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TRACK LIST: 1. Nouveau Depart 5:40 2. Opinion 7:22 3. La Grand 4:28 4. Some Food 4:26 5. Maverick 5:57 6. Progression 3:01 7. Stay Put 5:27 8. Z 4:09 All music: by Martin. All arrangements: Upright. LINE-UP: Eric Martin - basses Annam Nguyen - guitars Bernard Barribeau - saxophones Marc-Etienne Savage - keyboards Jerome Chamberland - drums Produced by Martin. Engineered by M. Moreno.
Prolusion. "Opinion" is the second album by the Canadian band Upright, led by bassist and composer Eric Martin. According to him, the band split soon after their first album was released (seven years ago) because each of its members wanted to take a different musical direction. Now, Eric is the sole leader of the band, all of the other members of which are novices.
Synopsis. I haven't heard the debut Upright album, but on "Opinion" the band looks to be a completely jazzy formation. The album consists of eight instrumental compositions, and all of them are stylistically unified. The music is original and strong, the arrangements develop constantly, but everything here is based exclusively on improvisations, all of which are purely jazzy in character. All the band members actively participate in the creation of a musical picture, using unusual meters, syncopations, and complex joint stop-to-play movements. Nevertheless, the tandem of bass and saxophone is more often at the helm than the others, and the sax solos give an especially striking jazzy taste to the material. In short, this music is not Jazz-Fusion, which, in my conception, is a confluence of Jazz and at least one of the Progressive Rock genres or sub-genres (usually Art-Rock or Space Rock). In my honest opinion, all of this is more about a pure Jazz, performed by a traditional Rock-format outfit, than Jazz Rock as such, as the music is much jazzier than that by classic Jazz Rock heroes: Mahavishnu Orchestra, Return To Forever, If, etc, not to mention that by Jazz-Fusion bands, starting with >Brand X and >David Rose Group. The only piece that at least partly corresponds to my notion of Jazz-Fusion is Some Food (4) with a couple of synthesizer solos, which seem to be melodically adjusted. The last track: Z (8) is somewhat of a showcase piece for Martin, as there is an episode featuring a long and diverse bass solo done with marginal support of the other musicians. Surprisingly, there are many more changes of musical dimension and tempo on "Opinion" than we can usually meet in such kinds of music, but as for a mood, I don't perceive any moods while listening to it. Traditional jazz fans would categorically disagree with me on the matter, but anyway, being a 'classic' Prog-head, I just can't look at the thing through their eyes (or hear it through their ears). After all, I believe they won't deny the fact that African and European cultures, including music, are very different among themselves. The notorious 'cry of a soul' as the consequence of the joint musicianship of several 'swinging' people is beyond my comprehension, and I think I am not alone in that.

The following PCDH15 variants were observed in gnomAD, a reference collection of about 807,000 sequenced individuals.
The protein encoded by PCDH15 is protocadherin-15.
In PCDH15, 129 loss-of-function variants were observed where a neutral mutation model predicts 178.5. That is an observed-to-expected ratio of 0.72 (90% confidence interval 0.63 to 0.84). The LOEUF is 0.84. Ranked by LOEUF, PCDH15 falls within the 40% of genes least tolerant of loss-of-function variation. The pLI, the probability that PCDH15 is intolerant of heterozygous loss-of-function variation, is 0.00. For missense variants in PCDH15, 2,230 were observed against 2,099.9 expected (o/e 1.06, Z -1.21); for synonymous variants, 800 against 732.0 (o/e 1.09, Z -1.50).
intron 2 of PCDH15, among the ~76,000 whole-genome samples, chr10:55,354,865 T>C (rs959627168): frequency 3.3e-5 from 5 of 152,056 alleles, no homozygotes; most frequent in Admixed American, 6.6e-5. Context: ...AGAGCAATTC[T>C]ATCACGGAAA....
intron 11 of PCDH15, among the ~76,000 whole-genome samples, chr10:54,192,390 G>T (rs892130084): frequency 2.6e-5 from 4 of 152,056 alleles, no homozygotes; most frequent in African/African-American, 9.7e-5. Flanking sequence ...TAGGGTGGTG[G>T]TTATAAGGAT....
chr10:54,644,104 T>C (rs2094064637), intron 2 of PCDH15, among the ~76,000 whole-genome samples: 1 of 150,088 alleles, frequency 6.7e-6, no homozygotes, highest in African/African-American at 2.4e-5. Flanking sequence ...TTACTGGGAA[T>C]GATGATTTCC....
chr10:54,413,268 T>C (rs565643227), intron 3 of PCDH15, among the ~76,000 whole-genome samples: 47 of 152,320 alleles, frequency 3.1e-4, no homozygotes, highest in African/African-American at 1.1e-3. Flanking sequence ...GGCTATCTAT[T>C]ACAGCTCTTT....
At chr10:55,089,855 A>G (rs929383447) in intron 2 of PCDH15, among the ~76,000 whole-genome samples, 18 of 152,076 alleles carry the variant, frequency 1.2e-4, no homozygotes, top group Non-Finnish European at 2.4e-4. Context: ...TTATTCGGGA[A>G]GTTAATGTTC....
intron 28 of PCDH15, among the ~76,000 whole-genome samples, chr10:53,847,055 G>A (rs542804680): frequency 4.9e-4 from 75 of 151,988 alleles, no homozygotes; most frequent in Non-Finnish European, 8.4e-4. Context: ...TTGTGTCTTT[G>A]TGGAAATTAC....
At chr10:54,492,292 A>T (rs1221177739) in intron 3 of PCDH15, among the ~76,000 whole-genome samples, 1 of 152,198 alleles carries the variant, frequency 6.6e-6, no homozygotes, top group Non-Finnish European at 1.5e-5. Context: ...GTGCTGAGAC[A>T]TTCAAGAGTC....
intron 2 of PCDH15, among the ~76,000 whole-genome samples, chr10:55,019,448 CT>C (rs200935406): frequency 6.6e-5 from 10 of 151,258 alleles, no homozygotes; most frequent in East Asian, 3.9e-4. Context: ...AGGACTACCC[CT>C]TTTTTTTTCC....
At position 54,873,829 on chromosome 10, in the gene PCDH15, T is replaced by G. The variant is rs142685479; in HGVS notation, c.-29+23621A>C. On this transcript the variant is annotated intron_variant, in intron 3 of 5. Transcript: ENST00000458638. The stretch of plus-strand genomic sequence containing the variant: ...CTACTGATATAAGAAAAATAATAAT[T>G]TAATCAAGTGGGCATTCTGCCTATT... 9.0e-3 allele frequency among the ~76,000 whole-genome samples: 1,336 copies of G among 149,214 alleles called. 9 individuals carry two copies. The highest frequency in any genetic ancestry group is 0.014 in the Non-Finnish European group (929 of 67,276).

Conclusion. "Opinion" is an excellent album with a lot of real progressive features and a simply fantastic musicianship. Yes, this blend of jazz classicism and jazz tradition is definitely progressive, but it hardly suits a traditional conception of progressive music. So this CD can be highly recommended only to those into Weather Report and the like proponents of a swingy, pronouncedly jazzy Jazz Rock.
VM: April 8, 2004
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